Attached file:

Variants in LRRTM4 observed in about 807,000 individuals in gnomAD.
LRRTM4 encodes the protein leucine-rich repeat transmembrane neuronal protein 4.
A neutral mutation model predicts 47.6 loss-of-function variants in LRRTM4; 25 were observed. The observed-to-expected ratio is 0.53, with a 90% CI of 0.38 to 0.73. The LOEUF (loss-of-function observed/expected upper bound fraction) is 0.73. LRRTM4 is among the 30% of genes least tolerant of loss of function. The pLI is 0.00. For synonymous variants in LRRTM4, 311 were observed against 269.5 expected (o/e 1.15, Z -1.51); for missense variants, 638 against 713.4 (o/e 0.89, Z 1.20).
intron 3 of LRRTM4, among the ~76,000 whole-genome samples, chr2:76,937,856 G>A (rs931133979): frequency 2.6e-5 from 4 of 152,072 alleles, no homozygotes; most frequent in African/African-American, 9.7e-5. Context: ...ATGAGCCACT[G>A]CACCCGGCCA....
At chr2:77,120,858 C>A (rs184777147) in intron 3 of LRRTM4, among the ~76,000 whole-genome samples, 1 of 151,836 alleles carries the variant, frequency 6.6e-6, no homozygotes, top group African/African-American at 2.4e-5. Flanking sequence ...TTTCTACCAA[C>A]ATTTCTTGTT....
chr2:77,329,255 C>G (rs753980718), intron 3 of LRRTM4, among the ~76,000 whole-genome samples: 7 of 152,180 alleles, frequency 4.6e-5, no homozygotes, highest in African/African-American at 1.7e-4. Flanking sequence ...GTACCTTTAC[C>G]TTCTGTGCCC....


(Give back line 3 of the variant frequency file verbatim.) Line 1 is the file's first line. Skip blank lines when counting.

A neutral mutation model predicts 47.6 loss-of-function variants in LRRTM4; 25 were observed. The observed-to-expected ratio is 0.53, with a 90% CI of 0.38 to 0.73. The LOEUF (loss-of-function observed/expected upper bound fraction) is 0.73. LRRTM4 is among the 30% of genes least tolerant of loss of function. The pLI is 0.00. For synonymous variants in LRRTM4, 311 were observed against 269.5 expected (o/e 1.15, Z -1.51); for missense variants, 638 against 713.4 (o/e 0.89, Z 1.20).